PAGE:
In United States v. McClinton, 982 F.2d 278 (8th Cir. 1992), the defendant argued on appeal from convictions for abducting young girls that interrogating officers had improperly induced his confession by promising, among other things, drug and alcohol treatment.
The officers acknowledged during the suppression hearing that, "in an effort to develop a general rapport with the defendant, they told him he was not a bad person and that he would receive help for his drug and alcohol problems if he talked to them." 982 F.2d at 283.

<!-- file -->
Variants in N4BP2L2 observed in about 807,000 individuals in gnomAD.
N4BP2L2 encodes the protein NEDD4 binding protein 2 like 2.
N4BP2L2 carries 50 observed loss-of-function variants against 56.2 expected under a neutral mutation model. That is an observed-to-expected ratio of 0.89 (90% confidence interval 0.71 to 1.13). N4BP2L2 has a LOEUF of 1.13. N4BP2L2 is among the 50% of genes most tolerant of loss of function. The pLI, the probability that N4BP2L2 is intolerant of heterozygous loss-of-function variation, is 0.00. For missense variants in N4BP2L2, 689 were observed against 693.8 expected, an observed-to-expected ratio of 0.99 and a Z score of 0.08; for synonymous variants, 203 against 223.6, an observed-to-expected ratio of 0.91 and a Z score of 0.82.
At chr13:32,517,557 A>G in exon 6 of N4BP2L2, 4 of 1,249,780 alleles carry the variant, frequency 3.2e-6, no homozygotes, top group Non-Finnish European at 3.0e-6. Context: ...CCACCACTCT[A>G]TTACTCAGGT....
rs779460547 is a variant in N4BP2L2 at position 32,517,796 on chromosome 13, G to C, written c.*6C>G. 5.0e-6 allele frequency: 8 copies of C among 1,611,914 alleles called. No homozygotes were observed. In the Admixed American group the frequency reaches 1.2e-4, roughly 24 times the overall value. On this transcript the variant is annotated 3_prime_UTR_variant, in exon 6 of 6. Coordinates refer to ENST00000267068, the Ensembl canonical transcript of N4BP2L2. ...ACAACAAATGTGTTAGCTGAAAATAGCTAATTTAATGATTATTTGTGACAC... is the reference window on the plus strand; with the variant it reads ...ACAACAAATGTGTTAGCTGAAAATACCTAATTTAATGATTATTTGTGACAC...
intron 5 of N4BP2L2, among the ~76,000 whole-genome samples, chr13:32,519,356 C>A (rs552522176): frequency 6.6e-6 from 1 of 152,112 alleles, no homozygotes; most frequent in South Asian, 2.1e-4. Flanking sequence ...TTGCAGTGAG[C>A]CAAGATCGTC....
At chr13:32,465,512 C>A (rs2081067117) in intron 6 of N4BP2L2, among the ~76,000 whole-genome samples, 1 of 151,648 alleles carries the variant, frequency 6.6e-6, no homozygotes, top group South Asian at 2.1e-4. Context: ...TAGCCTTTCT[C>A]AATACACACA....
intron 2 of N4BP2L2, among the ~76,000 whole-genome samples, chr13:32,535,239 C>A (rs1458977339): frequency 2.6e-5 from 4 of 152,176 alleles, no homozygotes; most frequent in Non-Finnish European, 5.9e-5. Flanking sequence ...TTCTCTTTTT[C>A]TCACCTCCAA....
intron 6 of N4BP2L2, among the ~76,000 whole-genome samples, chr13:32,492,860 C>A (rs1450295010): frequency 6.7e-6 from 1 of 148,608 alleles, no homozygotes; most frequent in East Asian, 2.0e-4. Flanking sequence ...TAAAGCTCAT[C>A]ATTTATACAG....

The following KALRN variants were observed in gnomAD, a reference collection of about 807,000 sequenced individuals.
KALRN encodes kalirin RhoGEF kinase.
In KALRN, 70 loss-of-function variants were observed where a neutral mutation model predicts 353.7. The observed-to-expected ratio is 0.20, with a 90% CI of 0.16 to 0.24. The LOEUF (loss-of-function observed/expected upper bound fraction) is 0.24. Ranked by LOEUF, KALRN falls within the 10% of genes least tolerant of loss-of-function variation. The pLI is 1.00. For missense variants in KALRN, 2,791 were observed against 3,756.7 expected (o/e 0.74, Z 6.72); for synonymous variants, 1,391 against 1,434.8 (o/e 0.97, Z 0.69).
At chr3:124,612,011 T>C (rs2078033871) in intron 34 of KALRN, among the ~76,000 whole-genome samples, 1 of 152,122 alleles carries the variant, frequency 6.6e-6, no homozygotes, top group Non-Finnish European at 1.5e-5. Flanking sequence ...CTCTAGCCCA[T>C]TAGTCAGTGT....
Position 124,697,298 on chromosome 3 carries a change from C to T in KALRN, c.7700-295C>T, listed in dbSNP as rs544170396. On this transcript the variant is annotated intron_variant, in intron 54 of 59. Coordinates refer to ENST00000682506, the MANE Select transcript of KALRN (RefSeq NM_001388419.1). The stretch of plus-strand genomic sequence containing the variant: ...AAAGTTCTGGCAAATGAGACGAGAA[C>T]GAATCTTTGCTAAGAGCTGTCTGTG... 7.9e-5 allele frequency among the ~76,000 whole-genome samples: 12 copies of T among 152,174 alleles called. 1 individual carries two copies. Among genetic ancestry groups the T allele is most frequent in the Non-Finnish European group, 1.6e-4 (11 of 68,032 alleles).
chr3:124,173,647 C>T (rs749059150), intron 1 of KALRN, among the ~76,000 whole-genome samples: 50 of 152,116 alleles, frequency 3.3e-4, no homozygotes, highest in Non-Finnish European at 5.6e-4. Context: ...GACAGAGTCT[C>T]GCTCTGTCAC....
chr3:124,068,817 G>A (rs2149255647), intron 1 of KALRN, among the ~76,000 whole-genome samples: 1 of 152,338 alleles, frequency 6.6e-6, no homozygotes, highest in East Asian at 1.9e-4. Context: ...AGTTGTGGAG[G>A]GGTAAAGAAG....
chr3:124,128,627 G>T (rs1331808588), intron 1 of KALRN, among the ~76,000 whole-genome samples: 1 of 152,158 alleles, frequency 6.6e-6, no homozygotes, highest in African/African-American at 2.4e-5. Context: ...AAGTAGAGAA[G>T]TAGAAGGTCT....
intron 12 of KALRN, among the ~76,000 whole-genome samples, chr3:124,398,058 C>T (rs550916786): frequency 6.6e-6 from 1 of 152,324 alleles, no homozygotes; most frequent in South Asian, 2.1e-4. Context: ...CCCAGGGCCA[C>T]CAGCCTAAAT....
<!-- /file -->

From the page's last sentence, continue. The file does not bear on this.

Affirming the conviction, the appellate court held that the promises to help the defendant with "his collateral health problems," i.e., drug and alcohol abuse, were "far different from promises in leniency in the criminal proceeding." Id.